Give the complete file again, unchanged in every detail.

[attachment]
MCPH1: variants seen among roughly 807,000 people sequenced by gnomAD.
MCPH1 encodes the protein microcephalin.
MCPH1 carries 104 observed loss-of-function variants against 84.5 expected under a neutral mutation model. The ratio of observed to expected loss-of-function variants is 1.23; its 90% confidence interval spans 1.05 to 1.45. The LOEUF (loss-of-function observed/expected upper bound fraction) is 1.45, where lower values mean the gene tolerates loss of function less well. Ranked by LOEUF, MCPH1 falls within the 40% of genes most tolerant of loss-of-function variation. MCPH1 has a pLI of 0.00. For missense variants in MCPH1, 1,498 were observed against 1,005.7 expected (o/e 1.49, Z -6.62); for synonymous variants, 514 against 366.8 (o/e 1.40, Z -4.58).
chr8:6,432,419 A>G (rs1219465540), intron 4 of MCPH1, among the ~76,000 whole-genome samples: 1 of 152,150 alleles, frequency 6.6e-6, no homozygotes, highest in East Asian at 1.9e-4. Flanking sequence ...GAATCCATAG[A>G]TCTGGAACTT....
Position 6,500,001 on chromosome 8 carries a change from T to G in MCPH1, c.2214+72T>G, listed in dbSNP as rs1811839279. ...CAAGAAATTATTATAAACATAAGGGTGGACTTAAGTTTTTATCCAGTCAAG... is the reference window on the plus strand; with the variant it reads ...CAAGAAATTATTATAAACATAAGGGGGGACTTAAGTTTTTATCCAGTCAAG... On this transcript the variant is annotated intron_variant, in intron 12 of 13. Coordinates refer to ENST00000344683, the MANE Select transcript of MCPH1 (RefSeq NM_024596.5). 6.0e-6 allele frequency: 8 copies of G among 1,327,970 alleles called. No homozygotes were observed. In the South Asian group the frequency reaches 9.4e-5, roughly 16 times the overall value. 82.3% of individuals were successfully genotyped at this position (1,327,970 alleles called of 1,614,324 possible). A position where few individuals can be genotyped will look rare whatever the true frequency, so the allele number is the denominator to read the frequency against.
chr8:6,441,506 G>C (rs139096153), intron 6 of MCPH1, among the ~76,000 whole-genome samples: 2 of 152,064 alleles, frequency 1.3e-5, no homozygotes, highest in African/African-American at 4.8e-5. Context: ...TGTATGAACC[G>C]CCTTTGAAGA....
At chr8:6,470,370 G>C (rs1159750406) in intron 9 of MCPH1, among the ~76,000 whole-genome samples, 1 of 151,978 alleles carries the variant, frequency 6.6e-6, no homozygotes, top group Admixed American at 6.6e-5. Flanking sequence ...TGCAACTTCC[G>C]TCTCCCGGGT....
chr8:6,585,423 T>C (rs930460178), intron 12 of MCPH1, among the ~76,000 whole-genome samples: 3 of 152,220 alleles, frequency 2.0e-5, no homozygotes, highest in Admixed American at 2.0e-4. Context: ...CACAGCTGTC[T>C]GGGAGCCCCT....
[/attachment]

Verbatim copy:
MCPH1: variants seen among roughly 807,000 people sequenced by gnomAD.
MCPH1 encodes the protein microcephalin.
MCPH1 carries 104 observed loss-of-function variants against 84.5 expected under a neutral mutation model. The ratio of observed to expected loss-of-function variants is 1.23; its 90% confidence interval spans 1.05 to 1.45. The LOEUF (loss-of-function observed/expected upper bound fraction) is 1.45, where lower values mean the gene tolerates loss of function less well. Ranked by LOEUF, MCPH1 falls within the 40% of genes most tolerant of loss-of-function variation. MCPH1 has a pLI of 0.00. For missense variants in MCPH1, 1,498 were observed against 1,005.7 expected (o/e 1.49, Z -6.62); for synonymous variants, 514 against 366.8 (o/e 1.40, Z -4.58).
chr8:6,432,419 A>G (rs1219465540), intron 4 of MCPH1, among the ~76,000 whole-genome samples: 1 of 152,150 alleles, frequency 6.6e-6, no homozygotes, highest in East Asian at 1.9e-4. Flanking sequence ...GAATCCATAG[A>G]TCTGGAACTT....
Position 6,500,001 on chromosome 8 carries a change from T to G in MCPH1, c.2214+72T>G, listed in dbSNP as rs1811839279. ...CAAGAAATTATTATAAACATAAGGGTGGACTTAAGTTTTTATCCAGTCAAG... is the reference window on the plus strand; with the variant it reads ...CAAGAAATTATTATAAACATAAGGGGGGACTTAAGTTTTTATCCAGTCAAG... On this transcript the variant is annotated intron_variant, in intron 12 of 13. Coordinates refer to ENST00000344683, the MANE Select transcript of MCPH1 (RefSeq NM_024596.5). 6.0e-6 allele frequency: 8 copies of G among 1,327,970 alleles called. No homozygotes were observed. In the South Asian group the frequency reaches 9.4e-5, roughly 16 times the overall value. 82.3% of individuals were successfully genotyped at this position (1,327,970 alleles called of 1,614,324 possible). A position where few individuals can be genotyped will look rare whatever the true frequency, so the allele number is the denominator to read the frequency against.
chr8:6,441,506 G>C (rs139096153), intron 6 of MCPH1, among the ~76,000 whole-genome samples: 2 of 152,064 alleles, frequency 1.3e-5, no homozygotes, highest in African/African-American at 4.8e-5. Context: ...TGTATGAACC[G>C]CCTTTGAAGA....
At chr8:6,470,370 G>C (rs1159750406) in intron 9 of MCPH1, among the ~76,000 whole-genome samples, 1 of 151,978 alleles carries the variant, frequency 6.6e-6, no homozygotes, top group Admixed American at 6.6e-5. Flanking sequence ...TGCAACTTCC[G>C]TCTCCCGGGT....
chr8:6,585,423 T>C (rs930460178), intron 12 of MCPH1, among the ~76,000 whole-genome samples: 3 of 152,220 alleles, frequency 2.0e-5, no homozygotes, highest in Admixed American at 2.0e-4. Context: ...CACAGCTGTC[T>C]GGGAGCCCCT....